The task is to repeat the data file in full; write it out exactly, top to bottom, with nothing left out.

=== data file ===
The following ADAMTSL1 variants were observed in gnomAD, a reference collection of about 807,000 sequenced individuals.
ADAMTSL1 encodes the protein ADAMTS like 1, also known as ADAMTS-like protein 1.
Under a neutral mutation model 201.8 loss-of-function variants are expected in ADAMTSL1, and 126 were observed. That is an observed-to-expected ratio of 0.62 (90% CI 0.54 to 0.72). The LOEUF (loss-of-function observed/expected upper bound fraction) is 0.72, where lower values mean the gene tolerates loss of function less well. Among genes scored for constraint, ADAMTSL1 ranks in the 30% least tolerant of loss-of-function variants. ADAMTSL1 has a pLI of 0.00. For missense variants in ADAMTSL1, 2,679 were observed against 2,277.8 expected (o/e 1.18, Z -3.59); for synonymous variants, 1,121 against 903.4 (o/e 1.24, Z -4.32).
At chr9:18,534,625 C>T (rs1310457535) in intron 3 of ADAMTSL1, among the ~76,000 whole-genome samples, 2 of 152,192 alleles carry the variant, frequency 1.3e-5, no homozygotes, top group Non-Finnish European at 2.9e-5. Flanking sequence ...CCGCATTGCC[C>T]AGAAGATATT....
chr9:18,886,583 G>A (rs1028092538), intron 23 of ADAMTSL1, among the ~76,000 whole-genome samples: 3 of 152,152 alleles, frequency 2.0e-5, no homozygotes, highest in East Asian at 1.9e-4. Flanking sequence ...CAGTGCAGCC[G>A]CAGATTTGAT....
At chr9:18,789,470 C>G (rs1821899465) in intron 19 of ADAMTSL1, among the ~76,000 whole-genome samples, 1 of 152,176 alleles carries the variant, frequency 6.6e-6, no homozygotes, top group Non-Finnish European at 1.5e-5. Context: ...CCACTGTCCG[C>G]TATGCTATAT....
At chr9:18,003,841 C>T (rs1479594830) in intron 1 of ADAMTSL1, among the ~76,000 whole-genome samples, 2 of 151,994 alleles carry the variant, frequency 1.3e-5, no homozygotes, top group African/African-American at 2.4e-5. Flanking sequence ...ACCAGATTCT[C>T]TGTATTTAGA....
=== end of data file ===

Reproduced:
The following ADAMTSL1 variants were observed in gnomAD, a reference collection of about 807,000 sequenced individuals.
ADAMTSL1 encodes the protein ADAMTS like 1, also known as ADAMTS-like protein 1.
Under a neutral mutation model 201.8 loss-of-function variants are expected in ADAMTSL1, and 126 were observed. That is an observed-to-expected ratio of 0.62 (90% CI 0.54 to 0.72). The LOEUF (loss-of-function observed/expected upper bound fraction) is 0.72, where lower values mean the gene tolerates loss of function less well. Among genes scored for constraint, ADAMTSL1 ranks in the 30% least tolerant of loss-of-function variants. ADAMTSL1 has a pLI of 0.00. For missense variants in ADAMTSL1, 2,679 were observed against 2,277.8 expected (o/e 1.18, Z -3.59); for synonymous variants, 1,121 against 903.4 (o/e 1.24, Z -4.32).
At chr9:18,534,625 C>T (rs1310457535) in intron 3 of ADAMTSL1, among the ~76,000 whole-genome samples, 2 of 152,192 alleles carry the variant, frequency 1.3e-5, no homozygotes, top group Non-Finnish European at 2.9e-5. Flanking sequence ...CCGCATTGCC[C>T]AGAAGATATT....
chr9:18,886,583 G>A (rs1028092538), intron 23 of ADAMTSL1, among the ~76,000 whole-genome samples: 3 of 152,152 alleles, frequency 2.0e-5, no homozygotes, highest in East Asian at 1.9e-4. Flanking sequence ...CAGTGCAGCC[G>A]CAGATTTGAT....
At chr9:18,789,470 C>G (rs1821899465) in intron 19 of ADAMTSL1, among the ~76,000 whole-genome samples, 1 of 152,176 alleles carries the variant, frequency 6.6e-6, no homozygotes, top group Non-Finnish European at 1.5e-5. Context: ...CCACTGTCCG[C>G]TATGCTATAT....
At chr9:18,003,841 C>T (rs1479594830) in intron 1 of ADAMTSL1, among the ~76,000 whole-genome samples, 2 of 151,994 alleles carry the variant, frequency 1.3e-5, no homozygotes, top group African/African-American at 2.4e-5. Flanking sequence ...ACCAGATTCT[C>T]TGTATTTAGA....